We need to find that balance between understanding why we do what we do— and setting limits with patterns of thinking and behaving that are negatively impacting our lives. 

This is very often easier said than done. 

One of the most important realizations we have in recovery is that we don’t do what we do for the hell of it. 

The patterns that other people might consider evidence of us making destructive choices— perhaps due to a “character” issue— we know to be adaptations to past or present pain in our lives…adaptations that sometimes kept us alive. 

It’s very common for people who grew up with pain to blame themselves for the destructive patterns in their life. 

We’re told that we could make “better” choices…if, presumably, we were “better” people. 

This tends to get us depressed and discouraged— became many of those patterns don’t FEEL like “choices” to us. 

We do what we have to do to get through the day. 

Many of us have lived for YEARS doing what we have to do just to get though the day. 

People who think that destructive coping patterns in our lives represent well-considered, voluntary “choices” don’t understand— or don’t care— what it’s like to have to manage overwhelming emotional or physical pain every day. 

All of which is to say: the patterns we’ve developed over the years to cope with what we need to cope with, aren’t our fault. 

Nobody asked for the physical or emotional pain you were handed from Day One. 

Shaming and blaming ourselves for our painful patterns isn’t going to get us anywhere. Shame and blame don’t tend to change behavior, except in the very short term, and under extreme duress. 

That said: even if we’ve gained perspective on the fact that there are reasons that make sense behind our destructive patterns of thinking and behaving— it IS on us to do everything we can to change those patterns so they don’t rob us of a future.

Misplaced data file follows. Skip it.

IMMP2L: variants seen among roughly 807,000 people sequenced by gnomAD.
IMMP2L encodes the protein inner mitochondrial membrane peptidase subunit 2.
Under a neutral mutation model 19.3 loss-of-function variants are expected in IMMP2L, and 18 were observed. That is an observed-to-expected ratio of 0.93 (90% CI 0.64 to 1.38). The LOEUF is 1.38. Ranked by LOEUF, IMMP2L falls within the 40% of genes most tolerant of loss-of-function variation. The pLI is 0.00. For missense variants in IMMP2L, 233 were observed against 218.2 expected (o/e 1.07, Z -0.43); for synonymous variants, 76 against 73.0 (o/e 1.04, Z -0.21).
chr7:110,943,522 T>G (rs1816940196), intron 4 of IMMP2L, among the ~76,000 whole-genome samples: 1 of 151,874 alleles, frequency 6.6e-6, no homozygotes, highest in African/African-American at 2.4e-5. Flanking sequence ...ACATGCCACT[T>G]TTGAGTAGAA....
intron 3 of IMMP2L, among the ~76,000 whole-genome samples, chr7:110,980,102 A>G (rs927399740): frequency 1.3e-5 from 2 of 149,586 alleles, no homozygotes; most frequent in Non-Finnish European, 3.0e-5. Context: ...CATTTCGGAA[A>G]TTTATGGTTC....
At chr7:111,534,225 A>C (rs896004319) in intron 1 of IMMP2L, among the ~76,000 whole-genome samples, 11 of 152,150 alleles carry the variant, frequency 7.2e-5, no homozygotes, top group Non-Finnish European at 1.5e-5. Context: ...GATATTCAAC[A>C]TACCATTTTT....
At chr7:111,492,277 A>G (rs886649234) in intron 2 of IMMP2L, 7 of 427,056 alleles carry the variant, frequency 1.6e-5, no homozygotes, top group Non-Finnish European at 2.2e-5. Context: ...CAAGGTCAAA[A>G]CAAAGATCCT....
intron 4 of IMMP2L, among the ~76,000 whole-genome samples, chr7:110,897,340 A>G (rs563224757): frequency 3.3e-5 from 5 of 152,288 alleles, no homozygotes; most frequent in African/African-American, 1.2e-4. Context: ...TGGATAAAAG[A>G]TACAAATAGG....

Once upon a time I had to come to terms with the fact that I am extremely vulnerable to addiction to certain behaviors and substances. 

For a long time I hated and blamed myself for that fact. It took me years to develop any kind of perspective about the fact that my vulnerability to addiction was influenced by many, many factors OUTSIDE of myself that I couldn’t POSSIBLY control— regardless of how upstanding my “character” was or wasn’t. 

Learning more about what addiction is and why people are vulnerable to it helped me to get past the self-blame and self-shame trap, and helped me begin repairing my relationship with myself. 

However: even if my vulnerability to addiction is “understandable,” even if I can have compassion for myself and my struggle…it’s STILL on me to set limits on that behavior. 

Being vulnerable to addiction may not be my fault. But my recovery IS my responsibility. 

No one else is going to do it for me. 

That’s true for any pattern of thinning and behavior that is harming us in the here and now. 

Those patterns MAY be understandable. They MAY even have been unavoidable, given the genetic and environmental hand we were dealt growing up. 

But no matter how much insight or compassion we develop for our patterns…it’s STILL on us to change them. 

We have to love and respect ourselves enough to do what we need to do to live a life that is safe and stable here and now. 

We CAN’T stop at “well, it’s understandable I’d do this thing, given what I went through.” 

We CAN”T stop at, “but this thing helped me get by in the past, there’s a REASON I still do it.” 

We have to be real about thought patterns and behaviors that WILL damage our lives and relationships. 

We have to have as much compassion and concern for our future as we have for our past. 

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